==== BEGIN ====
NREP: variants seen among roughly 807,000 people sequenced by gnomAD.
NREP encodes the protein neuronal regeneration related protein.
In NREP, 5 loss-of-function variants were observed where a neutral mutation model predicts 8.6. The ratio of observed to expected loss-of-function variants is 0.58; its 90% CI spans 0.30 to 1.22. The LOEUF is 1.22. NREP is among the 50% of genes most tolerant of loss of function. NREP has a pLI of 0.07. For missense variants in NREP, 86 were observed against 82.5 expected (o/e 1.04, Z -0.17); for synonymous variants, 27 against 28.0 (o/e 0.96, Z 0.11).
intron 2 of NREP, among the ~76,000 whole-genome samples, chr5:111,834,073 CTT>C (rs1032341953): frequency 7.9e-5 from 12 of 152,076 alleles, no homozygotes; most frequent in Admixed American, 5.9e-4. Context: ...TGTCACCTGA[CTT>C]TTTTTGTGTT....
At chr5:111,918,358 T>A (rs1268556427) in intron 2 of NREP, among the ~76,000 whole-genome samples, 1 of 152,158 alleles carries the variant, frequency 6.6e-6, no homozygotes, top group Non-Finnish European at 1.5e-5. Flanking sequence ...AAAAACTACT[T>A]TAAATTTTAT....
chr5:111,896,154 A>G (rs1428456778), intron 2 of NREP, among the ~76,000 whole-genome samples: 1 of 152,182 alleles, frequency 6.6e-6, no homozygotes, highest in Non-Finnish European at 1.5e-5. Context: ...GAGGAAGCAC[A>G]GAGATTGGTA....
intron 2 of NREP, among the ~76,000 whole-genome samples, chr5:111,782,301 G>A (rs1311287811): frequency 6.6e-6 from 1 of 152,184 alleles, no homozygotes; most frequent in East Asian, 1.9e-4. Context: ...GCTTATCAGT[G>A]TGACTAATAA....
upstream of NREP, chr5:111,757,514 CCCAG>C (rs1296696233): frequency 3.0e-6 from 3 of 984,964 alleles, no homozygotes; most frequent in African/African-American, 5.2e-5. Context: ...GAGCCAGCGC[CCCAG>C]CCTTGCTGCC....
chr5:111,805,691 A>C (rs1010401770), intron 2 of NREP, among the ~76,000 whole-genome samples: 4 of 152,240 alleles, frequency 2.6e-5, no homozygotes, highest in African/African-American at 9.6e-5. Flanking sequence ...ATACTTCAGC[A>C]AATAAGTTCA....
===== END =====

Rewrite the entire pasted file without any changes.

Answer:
NREP: variants seen among roughly 807,000 people sequenced by gnomAD.
NREP encodes the protein neuronal regeneration related protein.
In NREP, 5 loss-of-function variants were observed where a neutral mutation model predicts 8.6. The ratio of observed to expected loss-of-function variants is 0.58; its 90% CI spans 0.30 to 1.22. The LOEUF is 1.22. NREP is among the 50% of genes most tolerant of loss of function. NREP has a pLI of 0.07. For missense variants in NREP, 86 were observed against 82.5 expected (o/e 1.04, Z -0.17); for synonymous variants, 27 against 28.0 (o/e 0.96, Z 0.11).
intron 2 of NREP, among the ~76,000 whole-genome samples, chr5:111,834,073 CTT>C (rs1032341953): frequency 7.9e-5 from 12 of 152,076 alleles, no homozygotes; most frequent in Admixed American, 5.9e-4. Context: ...TGTCACCTGA[CTT>C]TTTTTGTGTT....
At chr5:111,918,358 T>A (rs1268556427) in intron 2 of NREP, among the ~76,000 whole-genome samples, 1 of 152,158 alleles carries the variant, frequency 6.6e-6, no homozygotes, top group Non-Finnish European at 1.5e-5. Flanking sequence ...AAAAACTACT[T>A]TAAATTTTAT....
chr5:111,896,154 A>G (rs1428456778), intron 2 of NREP, among the ~76,000 whole-genome samples: 1 of 152,182 alleles, frequency 6.6e-6, no homozygotes, highest in Non-Finnish European at 1.5e-5. Context: ...GAGGAAGCAC[A>G]GAGATTGGTA....
intron 2 of NREP, among the ~76,000 whole-genome samples, chr5:111,782,301 G>A (rs1311287811): frequency 6.6e-6 from 1 of 152,184 alleles, no homozygotes; most frequent in East Asian, 1.9e-4. Context: ...GCTTATCAGT[G>A]TGACTAATAA....
upstream of NREP, chr5:111,757,514 CCCAG>C (rs1296696233): frequency 3.0e-6 from 3 of 984,964 alleles, no homozygotes; most frequent in African/African-American, 5.2e-5. Context: ...GAGCCAGCGC[CCCAG>C]CCTTGCTGCC....
chr5:111,805,691 A>C (rs1010401770), intron 2 of NREP, among the ~76,000 whole-genome samples: 4 of 152,240 alleles, frequency 2.6e-5, no homozygotes, highest in African/African-American at 9.6e-5. Flanking sequence ...ATACTTCAGC[A>C]AATAAGTTCA....